A case that does is Williams v. Empire Funding Corp., 109 F. Supp. 2d. 352 (E.D. Pa. 2000). In that case, a financing agreement had a federal box with the required TILA disclosure about rescission but also a "Note to Buyer" at the bottom of the page with a different message about rescission. The court concluded that an ordinary consumer could read the messages together and be confused about how the right to rescind works, the starting point for each period of rescission, and the consequences of choosing one method of rescission over the other (i.e., whether or not rescission would relieve the consumer of associated costs and damages). See id. at 359-361. The Williams court ruled, therefore, that "including two inconsistent periods for rescission in the financing agreement render[ed] the notice of the right to rescission required under TILA unclear." Id. at 361. Plaintiff's complaints mirror those of the plaintiff in Williams: The two rescission notices together could confuse the borrower about the length of each rescission period and, more persuasively, the consequences of choosing one method of rescission over the other, given that the second form does not explain whether or not cancelling in seven days affords the borrower the statutory protections that cancelling within three days does.

Defendants maintain that there are no consequences for consumers who rely on the One-Week form. See, e.g., Def.'s Reply in Suport of Their Mot. for Summ. J. at 8-9 ("The undisputed evidence in this case is that Ameriquest does not make any distinction between loans that are cancelled within the three day federal rescission period and those that are cancelled during the period specified under the One Week Form"). But Defendants offer no evidentiary support for this assertion. Nothing that Defendants provide to borrowers explicitly states or guarantees that Defendants provide or intend to provide all of the TILA rights and remedies for a borrower who uses the One-Week form to cancel during days four-through-seven after closing. Further, the facts show that the One-Week form is not anchored to any statute or Ameriquest internal policy that ensures TILA protections for the borrower during days four-through-seven.

A reasonable fact finder, then, could conclude that, for an ordinary consumer, the One-Week form detracts from the clarity of the federal form in that the One-Week form purports to be a mere extension of the TILA right but does not explain the differences, if any, in the rescission rights. Indeed, a fact finder is needed to determine whether those differences exist. Plaintiff asserts several such differences, see Pl.'s Mem. in Support of Their Motion for Summ. J. at 12 & App. 1, and Defendants have either ignored those assertions or dismissed them as mere speculation. Thus, a genuine issue of material facts exists. Neither Party is entitled to summary judgment on this issue.

D. Statutory Damages

Plaintiff seeks not only rescission of her mortgage loan but also statutory damages for the underlying disclosure violations she alleges and for Defendants' failure to rescind her loan. Defendants argue that the limitation period for TILA claims established in 15 U.S.C. § 1640(e) bars Plaintiff's request as to all claims except rescission.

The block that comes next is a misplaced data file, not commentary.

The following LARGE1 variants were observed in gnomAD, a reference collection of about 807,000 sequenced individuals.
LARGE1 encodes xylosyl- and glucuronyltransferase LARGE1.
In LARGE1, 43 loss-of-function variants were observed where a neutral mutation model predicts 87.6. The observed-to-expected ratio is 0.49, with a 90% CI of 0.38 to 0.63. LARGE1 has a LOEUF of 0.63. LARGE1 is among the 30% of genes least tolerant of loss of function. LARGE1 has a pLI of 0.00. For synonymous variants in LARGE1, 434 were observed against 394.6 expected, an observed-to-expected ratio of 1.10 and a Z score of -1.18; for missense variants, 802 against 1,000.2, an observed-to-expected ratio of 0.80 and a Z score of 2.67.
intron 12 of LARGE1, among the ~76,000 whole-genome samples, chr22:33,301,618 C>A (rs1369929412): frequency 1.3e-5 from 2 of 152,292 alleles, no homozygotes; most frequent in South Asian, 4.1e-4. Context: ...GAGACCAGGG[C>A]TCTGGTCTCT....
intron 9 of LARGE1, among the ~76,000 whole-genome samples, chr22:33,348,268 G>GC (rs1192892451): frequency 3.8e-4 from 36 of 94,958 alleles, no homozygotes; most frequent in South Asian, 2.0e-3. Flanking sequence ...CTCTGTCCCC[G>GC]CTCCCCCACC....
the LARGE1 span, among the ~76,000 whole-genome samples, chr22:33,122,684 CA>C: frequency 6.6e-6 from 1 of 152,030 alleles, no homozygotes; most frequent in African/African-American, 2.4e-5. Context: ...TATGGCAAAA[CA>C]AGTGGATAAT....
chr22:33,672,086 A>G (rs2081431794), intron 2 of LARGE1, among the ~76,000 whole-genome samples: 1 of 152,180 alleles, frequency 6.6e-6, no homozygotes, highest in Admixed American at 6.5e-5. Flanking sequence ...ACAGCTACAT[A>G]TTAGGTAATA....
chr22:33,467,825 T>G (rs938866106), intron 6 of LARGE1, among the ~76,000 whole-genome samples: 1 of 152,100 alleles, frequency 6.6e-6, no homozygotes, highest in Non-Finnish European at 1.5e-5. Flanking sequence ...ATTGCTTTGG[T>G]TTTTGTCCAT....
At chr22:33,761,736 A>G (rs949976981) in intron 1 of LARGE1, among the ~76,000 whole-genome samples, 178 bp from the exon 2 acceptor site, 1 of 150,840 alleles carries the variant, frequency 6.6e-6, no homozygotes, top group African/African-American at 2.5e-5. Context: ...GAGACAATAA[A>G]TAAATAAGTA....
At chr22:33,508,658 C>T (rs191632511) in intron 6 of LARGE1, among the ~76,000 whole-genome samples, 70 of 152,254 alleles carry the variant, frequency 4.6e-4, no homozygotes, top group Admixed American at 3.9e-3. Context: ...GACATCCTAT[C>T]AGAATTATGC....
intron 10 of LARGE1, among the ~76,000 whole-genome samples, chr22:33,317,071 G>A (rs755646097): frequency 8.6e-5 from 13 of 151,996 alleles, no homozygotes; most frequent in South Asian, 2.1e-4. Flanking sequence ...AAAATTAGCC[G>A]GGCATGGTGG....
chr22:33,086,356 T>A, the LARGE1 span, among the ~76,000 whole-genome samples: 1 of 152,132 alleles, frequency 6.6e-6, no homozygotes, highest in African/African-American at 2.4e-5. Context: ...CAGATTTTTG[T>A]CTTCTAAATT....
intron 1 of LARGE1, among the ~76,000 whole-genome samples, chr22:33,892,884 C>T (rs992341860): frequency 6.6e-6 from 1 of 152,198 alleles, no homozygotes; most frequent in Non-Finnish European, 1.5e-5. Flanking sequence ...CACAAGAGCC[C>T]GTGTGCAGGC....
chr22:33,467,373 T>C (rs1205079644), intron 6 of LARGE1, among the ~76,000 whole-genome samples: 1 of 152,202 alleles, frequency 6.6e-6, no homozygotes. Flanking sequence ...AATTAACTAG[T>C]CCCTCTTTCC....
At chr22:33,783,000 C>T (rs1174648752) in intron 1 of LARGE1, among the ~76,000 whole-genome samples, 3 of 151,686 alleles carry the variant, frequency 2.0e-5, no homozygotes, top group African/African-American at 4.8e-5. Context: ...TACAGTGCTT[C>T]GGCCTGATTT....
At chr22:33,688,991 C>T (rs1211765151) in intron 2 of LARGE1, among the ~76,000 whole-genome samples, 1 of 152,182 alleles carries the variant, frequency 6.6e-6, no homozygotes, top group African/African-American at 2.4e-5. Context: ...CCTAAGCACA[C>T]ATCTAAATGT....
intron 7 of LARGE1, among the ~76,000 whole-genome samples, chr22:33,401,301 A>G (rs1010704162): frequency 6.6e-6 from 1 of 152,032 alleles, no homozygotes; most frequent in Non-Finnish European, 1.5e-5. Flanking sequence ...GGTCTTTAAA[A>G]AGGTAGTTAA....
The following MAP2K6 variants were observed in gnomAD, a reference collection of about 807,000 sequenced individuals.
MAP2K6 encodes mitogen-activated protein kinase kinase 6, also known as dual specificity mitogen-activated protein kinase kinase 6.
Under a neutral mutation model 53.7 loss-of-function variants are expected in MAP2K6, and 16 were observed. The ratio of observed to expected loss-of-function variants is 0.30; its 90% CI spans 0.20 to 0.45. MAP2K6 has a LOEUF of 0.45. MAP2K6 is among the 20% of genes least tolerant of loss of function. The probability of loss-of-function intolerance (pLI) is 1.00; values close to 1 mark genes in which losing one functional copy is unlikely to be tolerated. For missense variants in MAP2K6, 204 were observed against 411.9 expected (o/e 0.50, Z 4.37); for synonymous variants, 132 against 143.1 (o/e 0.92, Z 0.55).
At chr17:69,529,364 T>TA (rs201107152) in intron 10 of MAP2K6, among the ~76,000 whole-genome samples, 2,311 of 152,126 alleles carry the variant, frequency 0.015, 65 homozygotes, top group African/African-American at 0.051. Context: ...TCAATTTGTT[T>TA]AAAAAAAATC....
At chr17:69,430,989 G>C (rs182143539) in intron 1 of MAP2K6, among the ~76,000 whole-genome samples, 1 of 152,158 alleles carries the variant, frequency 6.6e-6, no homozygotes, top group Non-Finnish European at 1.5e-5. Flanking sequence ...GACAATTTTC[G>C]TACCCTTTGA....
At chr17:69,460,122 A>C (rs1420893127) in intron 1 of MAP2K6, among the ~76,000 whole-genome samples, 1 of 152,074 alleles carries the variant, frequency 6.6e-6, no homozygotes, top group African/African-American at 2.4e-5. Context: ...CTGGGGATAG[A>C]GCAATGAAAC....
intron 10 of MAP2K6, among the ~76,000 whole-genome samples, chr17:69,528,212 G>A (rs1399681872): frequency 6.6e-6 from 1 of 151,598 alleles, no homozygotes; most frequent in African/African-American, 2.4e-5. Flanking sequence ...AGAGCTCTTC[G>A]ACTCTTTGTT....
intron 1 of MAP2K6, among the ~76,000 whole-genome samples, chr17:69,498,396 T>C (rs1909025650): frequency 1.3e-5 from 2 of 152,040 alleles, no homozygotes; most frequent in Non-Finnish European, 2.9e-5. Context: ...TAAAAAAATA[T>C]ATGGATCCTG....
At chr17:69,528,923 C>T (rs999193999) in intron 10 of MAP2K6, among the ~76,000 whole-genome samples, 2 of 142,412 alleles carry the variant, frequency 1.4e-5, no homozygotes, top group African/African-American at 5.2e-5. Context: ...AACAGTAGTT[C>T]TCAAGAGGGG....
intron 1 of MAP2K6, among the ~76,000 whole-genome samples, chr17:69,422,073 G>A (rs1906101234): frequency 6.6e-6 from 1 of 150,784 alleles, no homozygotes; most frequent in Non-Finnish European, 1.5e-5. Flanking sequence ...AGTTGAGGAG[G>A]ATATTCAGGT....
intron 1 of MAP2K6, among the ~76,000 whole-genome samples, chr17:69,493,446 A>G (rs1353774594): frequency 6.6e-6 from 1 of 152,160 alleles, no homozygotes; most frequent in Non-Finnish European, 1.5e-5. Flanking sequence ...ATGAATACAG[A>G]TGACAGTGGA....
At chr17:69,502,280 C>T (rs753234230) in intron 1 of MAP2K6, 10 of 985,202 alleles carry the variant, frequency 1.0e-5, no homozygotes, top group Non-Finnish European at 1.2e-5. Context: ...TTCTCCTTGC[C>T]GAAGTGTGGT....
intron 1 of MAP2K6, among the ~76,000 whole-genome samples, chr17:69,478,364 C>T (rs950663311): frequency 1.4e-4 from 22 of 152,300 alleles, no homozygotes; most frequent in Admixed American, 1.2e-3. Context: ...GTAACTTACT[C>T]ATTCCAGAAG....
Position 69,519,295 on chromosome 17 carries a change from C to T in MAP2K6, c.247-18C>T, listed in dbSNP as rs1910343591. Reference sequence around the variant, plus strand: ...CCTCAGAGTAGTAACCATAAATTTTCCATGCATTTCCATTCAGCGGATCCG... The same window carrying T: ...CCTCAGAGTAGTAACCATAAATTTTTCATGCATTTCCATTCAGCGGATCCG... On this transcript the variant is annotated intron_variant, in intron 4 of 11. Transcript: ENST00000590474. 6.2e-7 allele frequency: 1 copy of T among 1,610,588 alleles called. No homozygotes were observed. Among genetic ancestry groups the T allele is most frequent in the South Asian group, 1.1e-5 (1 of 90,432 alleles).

15 U.S.C. § 1640(e) provides that "[a]ny action under this section may be brought in any United States district court, or in any other court of competent jurisdiction, within one year from the date of the occurrence of the violation." With most TILA claims, the date the violation occurred is the date the credit transaction was consummated. See Jenkins v. Mercantile Mortgage Co, 231 F. Supp. 3d 737, 745 (N.D. Ill. 2002). "Failure to bring an action for damages within [this] one-year limitation period bars the action." Basham v. Finance America Corp., 583 F.2d 918, 927 (7th Cir. 1978). The one-year limitation period does not, however, apply to an action for rescission under 15 U.S.C. § 1635. See Basham, 583 F.2d at 928 n.17 (citing Littlefield v. Walt Flanagan & Co., 498 F.2d 1133 (10th Cir. 1974)).

Thus, Plaintiff is not entitled to statutory damages for Defendants' failure to clearly disclose her payment schedule in accordance with TILA, or for any of the other disclosure violations she alleges in her complaint. These violations occurred when Plaintiff's credit transaction was consummated on March 12, 2002. She did not file the instant Complaint until January 25, 2005, nearly two years after the statute of limitations had run. Plaintiff is, however, entitled to statutory damages for Defendants' failure to honor her notice of rescission.

This was the holding in Brown v. Nationscredit Financial Services Corp., 349 F. Supp. 2d 1134 (N.D. Ill. 2005):

[The plaintiff] is barred from bringing damages claims for the [TILA] violations . . . she claims occurred at the time she obtained the loan, as she did not bring those claims within the year after the loan was made. Her damage claim arising from defendants' failure to honor her notice of rescission is not time-barred because it was made within one year from the date of that particular violation.

Id. at 1138. See also Jenkins, 231 F. Supp. 3d at 745 (holding that claims other than rescission are subject to the one-year statute of limitations).

Accordingly, Plaintiff is entitled to statutory damages for Defendants' failure to honor her notice of rescission. 15 U.S.C. § 1640(a) sets out these damages.

V. CONCLUSION

For the foregoing reasons, Defendants' motion to strike is granted in part and denied as moot in part. Plaintiff's motion for summary judgment is granted in part and denied in part. Defendants' motion for partial summary judgment is denied. Plaintiff is entitled to rescission and statutory damages for Defendants' failure to rescind her mortgage loan.

David H. Coar United States District Judge